Anyone involved in international scouting has July 2 circled on his calendar.
The date, which starts the international signing period when 16-year-old international players become eligible to sign with major league clubs, marked the signing of six Latin American players to bonuses of at least $1 million in 2008. Dominican outfielder Rafael Rodriguez and Venezuelan outfielder Yorman Rodriguez made it eight later on during the time frame when they signed on their 16th birthdays.
While the majority of the high-bonus players sign on or soon after July 2, scouting Latin America is a year-round process. Once a player becomes eligible to sign on July 2, he remains eligible to sign at any point. Several promising young big league players from Latin America—Edinson Volquez, Johnny Cueto and Pablo Sandoval, to name a few—waited until after the international signing period ended to sign.
Talented players can make it through the international signing period unsigned for a variety of reasons. Sometimes a player will have a strong offer from a club, but his agent will hold off from having his client sign, perhaps in an attempt to get him a little bit stronger to show more power or fastball velocity, or to allow him to recover from an injury. Other times an agent has put a price tag on a player that no team is willing to match, forcing him to finally come down from his steep asking price to a level more in line with the player's talent. Other players experience rapid growth, either physically or with their skills, some players don't have knowledgeable representation, while others simply fly under the radar.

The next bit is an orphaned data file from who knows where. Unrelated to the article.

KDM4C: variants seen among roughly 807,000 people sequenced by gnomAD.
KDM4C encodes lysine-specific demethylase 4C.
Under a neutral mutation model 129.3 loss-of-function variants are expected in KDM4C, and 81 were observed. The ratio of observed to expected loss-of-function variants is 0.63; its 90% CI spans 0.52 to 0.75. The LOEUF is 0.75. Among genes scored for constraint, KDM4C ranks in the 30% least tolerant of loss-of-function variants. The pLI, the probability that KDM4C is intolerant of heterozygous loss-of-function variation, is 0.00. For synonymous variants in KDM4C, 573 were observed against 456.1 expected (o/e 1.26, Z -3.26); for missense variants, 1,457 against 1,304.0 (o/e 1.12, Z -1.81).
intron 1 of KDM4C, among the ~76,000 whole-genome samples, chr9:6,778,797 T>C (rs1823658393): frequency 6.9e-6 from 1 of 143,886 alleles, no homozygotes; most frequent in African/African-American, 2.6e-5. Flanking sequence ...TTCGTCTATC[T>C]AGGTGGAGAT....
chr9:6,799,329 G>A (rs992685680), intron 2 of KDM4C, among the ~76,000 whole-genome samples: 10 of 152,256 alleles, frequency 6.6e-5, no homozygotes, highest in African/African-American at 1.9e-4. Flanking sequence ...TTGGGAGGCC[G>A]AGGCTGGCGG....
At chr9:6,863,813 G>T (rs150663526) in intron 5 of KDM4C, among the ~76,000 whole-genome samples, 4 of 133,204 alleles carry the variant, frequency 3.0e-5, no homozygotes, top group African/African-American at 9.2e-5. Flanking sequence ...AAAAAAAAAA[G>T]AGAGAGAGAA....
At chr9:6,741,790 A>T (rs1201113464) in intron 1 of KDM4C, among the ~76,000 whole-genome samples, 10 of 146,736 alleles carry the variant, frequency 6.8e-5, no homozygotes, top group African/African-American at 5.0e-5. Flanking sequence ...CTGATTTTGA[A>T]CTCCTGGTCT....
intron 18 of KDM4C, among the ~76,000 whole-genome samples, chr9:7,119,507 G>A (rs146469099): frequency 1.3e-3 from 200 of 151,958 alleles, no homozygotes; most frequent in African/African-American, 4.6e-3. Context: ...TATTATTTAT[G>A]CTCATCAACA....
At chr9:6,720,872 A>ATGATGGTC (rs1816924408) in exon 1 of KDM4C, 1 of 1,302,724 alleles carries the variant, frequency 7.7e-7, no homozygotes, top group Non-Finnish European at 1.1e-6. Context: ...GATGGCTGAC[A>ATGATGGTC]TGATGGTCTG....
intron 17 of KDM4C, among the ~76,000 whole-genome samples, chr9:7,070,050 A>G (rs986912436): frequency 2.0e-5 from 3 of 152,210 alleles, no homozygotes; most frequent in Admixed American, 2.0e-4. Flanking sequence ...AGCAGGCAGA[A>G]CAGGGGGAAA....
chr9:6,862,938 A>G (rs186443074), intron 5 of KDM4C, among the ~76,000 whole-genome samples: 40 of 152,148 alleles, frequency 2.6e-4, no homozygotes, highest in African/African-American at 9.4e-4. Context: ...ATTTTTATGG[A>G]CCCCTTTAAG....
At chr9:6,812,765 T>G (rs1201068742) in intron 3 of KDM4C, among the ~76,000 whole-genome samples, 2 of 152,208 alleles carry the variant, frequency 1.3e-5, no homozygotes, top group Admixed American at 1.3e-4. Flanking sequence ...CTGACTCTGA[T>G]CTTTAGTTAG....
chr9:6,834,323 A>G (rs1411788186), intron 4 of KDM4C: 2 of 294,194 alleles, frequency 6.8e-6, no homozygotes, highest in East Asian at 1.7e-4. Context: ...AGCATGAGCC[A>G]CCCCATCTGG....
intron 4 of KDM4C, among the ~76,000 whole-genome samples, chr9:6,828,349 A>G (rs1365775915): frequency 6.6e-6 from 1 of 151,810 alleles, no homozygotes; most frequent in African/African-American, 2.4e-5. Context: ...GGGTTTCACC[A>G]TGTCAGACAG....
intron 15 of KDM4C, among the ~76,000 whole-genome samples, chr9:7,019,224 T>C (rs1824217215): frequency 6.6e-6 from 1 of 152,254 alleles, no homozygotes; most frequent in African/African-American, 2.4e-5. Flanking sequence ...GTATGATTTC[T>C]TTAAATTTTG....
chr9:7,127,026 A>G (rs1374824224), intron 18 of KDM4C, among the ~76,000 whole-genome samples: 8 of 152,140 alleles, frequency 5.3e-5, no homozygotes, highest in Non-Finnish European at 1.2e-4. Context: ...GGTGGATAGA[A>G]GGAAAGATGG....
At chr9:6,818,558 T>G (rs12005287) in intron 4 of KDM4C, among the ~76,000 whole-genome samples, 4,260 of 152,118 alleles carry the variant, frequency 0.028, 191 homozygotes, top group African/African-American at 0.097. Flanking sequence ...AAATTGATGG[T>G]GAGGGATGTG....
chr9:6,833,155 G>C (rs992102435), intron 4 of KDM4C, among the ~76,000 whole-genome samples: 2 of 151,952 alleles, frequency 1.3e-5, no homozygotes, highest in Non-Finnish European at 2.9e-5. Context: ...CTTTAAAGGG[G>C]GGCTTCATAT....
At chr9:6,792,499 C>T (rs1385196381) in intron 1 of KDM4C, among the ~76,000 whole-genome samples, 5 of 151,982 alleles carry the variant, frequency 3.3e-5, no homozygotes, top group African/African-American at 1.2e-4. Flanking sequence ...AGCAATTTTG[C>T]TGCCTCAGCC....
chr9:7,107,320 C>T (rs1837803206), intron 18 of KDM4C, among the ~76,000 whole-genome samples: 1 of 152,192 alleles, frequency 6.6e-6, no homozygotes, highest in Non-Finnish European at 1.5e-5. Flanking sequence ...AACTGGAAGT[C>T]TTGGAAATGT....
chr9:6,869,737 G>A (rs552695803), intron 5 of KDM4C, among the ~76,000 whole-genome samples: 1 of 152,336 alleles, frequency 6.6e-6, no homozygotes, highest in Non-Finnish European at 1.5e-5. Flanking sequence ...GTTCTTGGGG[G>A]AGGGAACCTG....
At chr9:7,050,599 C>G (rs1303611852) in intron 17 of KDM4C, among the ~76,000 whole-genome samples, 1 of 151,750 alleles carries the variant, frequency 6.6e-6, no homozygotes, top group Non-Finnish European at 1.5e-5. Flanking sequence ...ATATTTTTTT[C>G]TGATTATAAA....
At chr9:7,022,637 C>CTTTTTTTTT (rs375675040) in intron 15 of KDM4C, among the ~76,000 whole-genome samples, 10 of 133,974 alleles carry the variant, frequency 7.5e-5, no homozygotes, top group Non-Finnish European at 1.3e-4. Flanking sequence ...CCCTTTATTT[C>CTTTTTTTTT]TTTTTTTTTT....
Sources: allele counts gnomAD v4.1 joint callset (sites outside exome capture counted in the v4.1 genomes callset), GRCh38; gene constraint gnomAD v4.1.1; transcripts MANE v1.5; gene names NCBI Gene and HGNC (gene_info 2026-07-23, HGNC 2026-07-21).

Rolando Fernandez is in his eighth season as the Rockies' director of Latin American operations and his 16th season overall with the organization after serving four years as the team's roving Latin American Coordinator, coaching in the Rookie-level Arizona League from 1994-97 and in the same role at high Class A Visalia for half the year. During Fernandez's tenure heading the team's efforts in Latin America, the Rockies have consistently imported Latin American players into the organization and developed them into quality prospects.
Their strategy, however, hasn't been to throw piles of money at players on July 2. Instead, the Rockies have had success waiting until after the the international signing period bubble to sign quality prospects. In April 2001, the Rockies signed righthander Ubaldo Jimenez. In November 2002, the Rockies signed lefthander Franklin Morales. In September 2004, Colorado landed Venezuelan righthander Jhoulys Chacin, and in February 2006 the club agreed to terms with Dominican catcher Wilin Rosario. All of these players were 16 at the time of signing except for Jimenez, who was 17.
Chacin and Rosario are the No. 2 and No. 4 prospects, respectively, in the organization. Four other Latin American players in the Rockies' top 30 this year—righthanders Esmil Rogers, Aneury Rodriguez, Juan Morillo and third baseman Jonathan Herrera—all signed at age 17, well after their international signing periods began and ended.